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Cell Transplant. 2012;21(7):1529-45.

Human mesenchymal stem cells exploit the immune response mediating chemokines to impact the phenotype of glioblastoma.

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  • 1National Institute of Biology, Department of Genetic Toxicology and Cancer Biology, Vecna pot 111, SI-1000 Ljubljana, Slovenia. helena.motaln@nib.si

Abstract

In contrast to the application of human mesenchymal stem cells (hMSCs) in regenerative medicine, only a limited number of studies are addressing their use in anticancer therapy. As the latter may represent a new hope to improve the survival of patients with glioblastoma multiformae (GBM), the most common and malignant form of the brain tumors, we aimed to investigate the interactions of hMSCs and GBM cells under in vitro conditions. Four hMSC clones and three different GBM cell lines were used to study their mutual paracrine interactions in cocultures compared to their monocultures, where cells were grown under the same experimental conditions. The effects on cell growth, proliferation, and invasion in Matrigel were quantified. Further, bioinformatics tools were used to relate these results to the data obtained from cytokine macroarrays and cDNA microarrays that revealed proteins and genes significantly involved in cellular cross-talk. We showed that hMSCs are responsible for the impairment of GBM cell invasion and growth, possibly via induction of their senescence. On the other hand, GBM cells inversely affected some of these characteristics in hMSCs. We found CCL2/MCP-1 to be the most significantly regulated chemokine during hMSC and U87-MG paracrine signaling in addition to several chemokines that may account for changed cocultured cells' phenotype by affecting genes associated with proliferation (Pmepa-1, NF-κB, IL-6, IL-1b), invasion (EphB2, Sod2, Pcdh18, Col7A1, Gja1, Mmp1/2), and senescence (Kiaa1199, SerpinB2). As we functionally confirmed the role of CCL2/MCP-1 in GBM cell invasion we thereby propose a novel mechanism of CCL2/MCP-1 antimigratory effects on GBM cells, distinct from its immunomodulatory role. Significant alterations of GBM phenotype in the presence of hMSCs should encourage the studies on the naive hMSC use for GBM treatment.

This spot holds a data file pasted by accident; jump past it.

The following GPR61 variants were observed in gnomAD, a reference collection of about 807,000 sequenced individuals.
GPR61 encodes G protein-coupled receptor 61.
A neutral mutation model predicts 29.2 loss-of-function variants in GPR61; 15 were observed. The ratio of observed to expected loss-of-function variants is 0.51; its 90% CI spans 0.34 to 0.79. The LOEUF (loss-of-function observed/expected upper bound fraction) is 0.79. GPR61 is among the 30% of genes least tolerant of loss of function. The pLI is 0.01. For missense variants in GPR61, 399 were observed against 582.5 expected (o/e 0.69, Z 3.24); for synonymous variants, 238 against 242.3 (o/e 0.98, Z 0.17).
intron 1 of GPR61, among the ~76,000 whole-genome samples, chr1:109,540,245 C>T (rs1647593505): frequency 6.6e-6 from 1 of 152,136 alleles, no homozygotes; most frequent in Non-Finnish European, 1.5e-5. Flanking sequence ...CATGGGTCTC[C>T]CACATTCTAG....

PMID:
22554389
[PubMed - indexed for MEDLINE]
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